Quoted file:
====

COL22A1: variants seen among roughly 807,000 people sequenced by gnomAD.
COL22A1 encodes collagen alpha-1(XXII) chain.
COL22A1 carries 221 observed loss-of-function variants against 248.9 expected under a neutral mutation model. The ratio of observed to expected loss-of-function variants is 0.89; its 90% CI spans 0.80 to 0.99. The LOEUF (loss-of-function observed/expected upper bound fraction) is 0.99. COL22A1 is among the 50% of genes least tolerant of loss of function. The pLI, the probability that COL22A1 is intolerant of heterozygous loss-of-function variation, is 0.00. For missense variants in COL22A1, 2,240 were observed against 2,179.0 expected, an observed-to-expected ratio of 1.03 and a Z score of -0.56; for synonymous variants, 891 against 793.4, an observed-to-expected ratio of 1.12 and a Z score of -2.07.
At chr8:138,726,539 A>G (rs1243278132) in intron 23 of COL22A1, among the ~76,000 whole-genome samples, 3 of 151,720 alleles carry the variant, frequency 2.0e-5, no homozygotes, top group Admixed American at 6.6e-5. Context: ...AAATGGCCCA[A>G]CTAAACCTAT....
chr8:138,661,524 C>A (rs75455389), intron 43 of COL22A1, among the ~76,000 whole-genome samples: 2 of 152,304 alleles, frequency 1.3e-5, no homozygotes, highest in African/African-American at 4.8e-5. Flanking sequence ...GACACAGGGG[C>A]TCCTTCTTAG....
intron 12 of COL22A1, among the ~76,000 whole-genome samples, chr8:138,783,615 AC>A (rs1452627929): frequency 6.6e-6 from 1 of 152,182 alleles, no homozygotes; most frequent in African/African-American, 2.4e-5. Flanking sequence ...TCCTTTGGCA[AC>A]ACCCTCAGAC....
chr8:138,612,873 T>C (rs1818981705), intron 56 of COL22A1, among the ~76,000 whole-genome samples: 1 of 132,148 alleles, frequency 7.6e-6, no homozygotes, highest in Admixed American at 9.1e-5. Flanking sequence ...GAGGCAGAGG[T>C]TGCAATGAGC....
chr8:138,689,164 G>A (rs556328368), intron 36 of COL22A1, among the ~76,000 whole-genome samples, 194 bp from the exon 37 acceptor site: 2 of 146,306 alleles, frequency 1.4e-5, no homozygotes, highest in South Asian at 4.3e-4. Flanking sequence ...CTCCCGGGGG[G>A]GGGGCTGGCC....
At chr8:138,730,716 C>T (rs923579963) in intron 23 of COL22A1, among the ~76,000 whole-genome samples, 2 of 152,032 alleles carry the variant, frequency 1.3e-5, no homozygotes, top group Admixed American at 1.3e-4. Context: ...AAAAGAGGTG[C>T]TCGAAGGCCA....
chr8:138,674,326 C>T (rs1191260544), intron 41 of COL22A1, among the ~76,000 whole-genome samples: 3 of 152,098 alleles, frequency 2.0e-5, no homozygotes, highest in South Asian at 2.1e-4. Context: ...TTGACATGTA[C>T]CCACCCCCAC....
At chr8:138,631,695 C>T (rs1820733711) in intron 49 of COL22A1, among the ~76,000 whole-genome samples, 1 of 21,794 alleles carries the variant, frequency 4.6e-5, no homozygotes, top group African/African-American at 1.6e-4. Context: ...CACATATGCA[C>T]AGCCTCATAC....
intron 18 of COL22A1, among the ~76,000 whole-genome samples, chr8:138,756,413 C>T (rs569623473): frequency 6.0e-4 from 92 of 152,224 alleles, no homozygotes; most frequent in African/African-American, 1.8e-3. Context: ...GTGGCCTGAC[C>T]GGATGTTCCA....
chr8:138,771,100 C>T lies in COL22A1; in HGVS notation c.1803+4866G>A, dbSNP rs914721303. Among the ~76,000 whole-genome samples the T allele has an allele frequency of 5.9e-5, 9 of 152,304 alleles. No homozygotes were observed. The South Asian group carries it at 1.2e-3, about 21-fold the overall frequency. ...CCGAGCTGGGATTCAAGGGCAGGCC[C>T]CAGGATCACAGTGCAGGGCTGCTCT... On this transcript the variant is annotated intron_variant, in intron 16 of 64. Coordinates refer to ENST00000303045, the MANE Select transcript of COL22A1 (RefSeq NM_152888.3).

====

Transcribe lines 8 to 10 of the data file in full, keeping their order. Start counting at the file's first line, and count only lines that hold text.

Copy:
chr8:138,689,164 G>A (rs556328368), intron 36 of COL22A1, among the ~76,000 whole-genome samples, 194 bp from the exon 37 acceptor site: 2 of 146,306 alleles, frequency 1.4e-5, no homozygotes, highest in South Asian at 4.3e-4. Flanking sequence ...CTCCCGGGGG[G>A]GGGGCTGGCC....
At chr8:138,730,716 C>T (rs923579963) in intron 23 of COL22A1, among the ~76,000 whole-genome samples, 2 of 152,032 alleles carry the variant, frequency 1.3e-5, no homozygotes, top group Admixed American at 1.3e-4. Context: ...AAAAGAGGTG[C>T]TCGAAGGCCA....
chr8:138,674,326 C>T (rs1191260544), intron 41 of COL22A1, among the ~76,000 whole-genome samples: 3 of 152,098 alleles, frequency 2.0e-5, no homozygotes, highest in South Asian at 2.1e-4. Context: ...TTGACATGTA[C>T]CCACCCCCAC....